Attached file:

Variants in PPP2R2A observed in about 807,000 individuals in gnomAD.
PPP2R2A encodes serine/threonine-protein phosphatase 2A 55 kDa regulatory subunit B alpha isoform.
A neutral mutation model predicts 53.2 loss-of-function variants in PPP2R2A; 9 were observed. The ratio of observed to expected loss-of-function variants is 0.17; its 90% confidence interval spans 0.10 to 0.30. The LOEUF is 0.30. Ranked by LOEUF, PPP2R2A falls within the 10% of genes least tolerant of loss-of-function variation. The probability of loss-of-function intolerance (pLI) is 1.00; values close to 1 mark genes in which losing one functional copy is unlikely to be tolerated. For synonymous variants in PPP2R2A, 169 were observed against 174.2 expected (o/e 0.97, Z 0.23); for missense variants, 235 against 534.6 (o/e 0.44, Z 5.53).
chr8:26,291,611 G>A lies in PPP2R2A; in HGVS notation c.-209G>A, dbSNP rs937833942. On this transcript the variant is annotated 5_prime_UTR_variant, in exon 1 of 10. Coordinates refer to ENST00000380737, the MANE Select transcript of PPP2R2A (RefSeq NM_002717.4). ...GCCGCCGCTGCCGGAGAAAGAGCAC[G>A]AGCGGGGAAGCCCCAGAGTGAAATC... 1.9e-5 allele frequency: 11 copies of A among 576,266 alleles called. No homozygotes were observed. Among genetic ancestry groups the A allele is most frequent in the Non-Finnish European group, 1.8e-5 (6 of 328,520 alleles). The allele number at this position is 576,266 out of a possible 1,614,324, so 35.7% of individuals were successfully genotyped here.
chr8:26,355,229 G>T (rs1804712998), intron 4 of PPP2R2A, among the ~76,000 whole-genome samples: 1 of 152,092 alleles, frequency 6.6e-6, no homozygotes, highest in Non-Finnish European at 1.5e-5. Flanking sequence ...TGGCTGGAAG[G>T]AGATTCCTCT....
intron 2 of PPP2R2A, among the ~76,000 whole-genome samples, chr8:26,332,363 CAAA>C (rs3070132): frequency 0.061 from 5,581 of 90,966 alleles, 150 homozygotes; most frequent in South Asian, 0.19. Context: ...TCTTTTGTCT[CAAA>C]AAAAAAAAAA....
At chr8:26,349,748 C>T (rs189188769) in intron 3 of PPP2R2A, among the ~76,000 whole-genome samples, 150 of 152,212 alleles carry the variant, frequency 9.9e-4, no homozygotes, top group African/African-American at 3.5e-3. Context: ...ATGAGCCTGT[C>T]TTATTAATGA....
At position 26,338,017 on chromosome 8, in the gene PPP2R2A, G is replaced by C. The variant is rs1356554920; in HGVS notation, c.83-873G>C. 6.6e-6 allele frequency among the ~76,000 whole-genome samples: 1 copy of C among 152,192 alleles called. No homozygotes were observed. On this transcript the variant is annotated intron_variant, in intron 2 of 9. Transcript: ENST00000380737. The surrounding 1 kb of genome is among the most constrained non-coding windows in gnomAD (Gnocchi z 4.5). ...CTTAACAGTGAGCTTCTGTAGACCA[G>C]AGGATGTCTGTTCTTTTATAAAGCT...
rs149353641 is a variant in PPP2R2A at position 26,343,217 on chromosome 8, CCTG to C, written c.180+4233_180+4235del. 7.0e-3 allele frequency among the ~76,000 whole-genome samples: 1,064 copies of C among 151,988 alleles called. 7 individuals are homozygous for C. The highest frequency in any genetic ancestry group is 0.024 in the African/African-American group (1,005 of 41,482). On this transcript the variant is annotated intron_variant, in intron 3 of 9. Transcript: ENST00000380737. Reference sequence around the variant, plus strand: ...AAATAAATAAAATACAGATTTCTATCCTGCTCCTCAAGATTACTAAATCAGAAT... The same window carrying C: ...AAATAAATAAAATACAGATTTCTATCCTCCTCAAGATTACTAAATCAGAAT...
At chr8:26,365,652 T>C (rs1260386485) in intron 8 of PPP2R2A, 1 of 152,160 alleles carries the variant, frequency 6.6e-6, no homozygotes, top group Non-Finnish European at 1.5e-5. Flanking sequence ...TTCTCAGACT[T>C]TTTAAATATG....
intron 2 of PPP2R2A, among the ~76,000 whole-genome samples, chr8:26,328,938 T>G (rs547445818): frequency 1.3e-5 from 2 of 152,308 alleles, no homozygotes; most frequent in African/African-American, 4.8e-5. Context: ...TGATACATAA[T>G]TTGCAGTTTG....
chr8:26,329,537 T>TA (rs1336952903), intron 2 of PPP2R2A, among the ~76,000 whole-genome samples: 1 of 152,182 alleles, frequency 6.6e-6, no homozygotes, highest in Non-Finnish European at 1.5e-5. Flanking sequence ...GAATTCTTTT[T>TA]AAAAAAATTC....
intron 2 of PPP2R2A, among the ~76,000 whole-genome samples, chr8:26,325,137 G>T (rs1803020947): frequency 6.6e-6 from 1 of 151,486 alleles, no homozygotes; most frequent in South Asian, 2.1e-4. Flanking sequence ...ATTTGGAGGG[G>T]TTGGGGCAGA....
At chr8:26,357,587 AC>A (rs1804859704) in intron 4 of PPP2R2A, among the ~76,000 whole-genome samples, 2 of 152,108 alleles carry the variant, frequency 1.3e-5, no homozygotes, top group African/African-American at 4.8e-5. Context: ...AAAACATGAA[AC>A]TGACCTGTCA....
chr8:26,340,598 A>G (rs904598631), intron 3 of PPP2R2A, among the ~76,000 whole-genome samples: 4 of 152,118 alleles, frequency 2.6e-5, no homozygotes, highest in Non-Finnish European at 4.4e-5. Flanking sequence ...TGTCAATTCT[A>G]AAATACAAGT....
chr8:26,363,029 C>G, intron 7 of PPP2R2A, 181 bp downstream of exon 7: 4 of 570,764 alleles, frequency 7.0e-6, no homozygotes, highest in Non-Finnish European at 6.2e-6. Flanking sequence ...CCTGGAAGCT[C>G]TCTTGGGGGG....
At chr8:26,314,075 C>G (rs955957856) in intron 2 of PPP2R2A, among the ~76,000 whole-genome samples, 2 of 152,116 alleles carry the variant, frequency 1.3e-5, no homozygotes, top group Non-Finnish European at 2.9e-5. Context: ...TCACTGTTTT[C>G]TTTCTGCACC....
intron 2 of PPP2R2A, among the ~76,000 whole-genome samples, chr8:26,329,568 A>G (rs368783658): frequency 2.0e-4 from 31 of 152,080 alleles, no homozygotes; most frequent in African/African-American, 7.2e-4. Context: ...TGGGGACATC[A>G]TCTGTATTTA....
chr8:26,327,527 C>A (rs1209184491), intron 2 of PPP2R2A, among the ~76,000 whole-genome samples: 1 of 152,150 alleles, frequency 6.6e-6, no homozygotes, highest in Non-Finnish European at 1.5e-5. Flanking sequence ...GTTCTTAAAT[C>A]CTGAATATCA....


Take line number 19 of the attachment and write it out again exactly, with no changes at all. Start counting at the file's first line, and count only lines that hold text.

chr8:26,327,527 C>A (rs1209184491), intron 2 of PPP2R2A, among the ~76,000 whole-genome samples: 1 of 152,150 alleles, frequency 6.6e-6, no homozygotes, highest in Non-Finnish European at 1.5e-5. Flanking sequence ...GTTCTTAAAT[C>A]CTGAATATCA....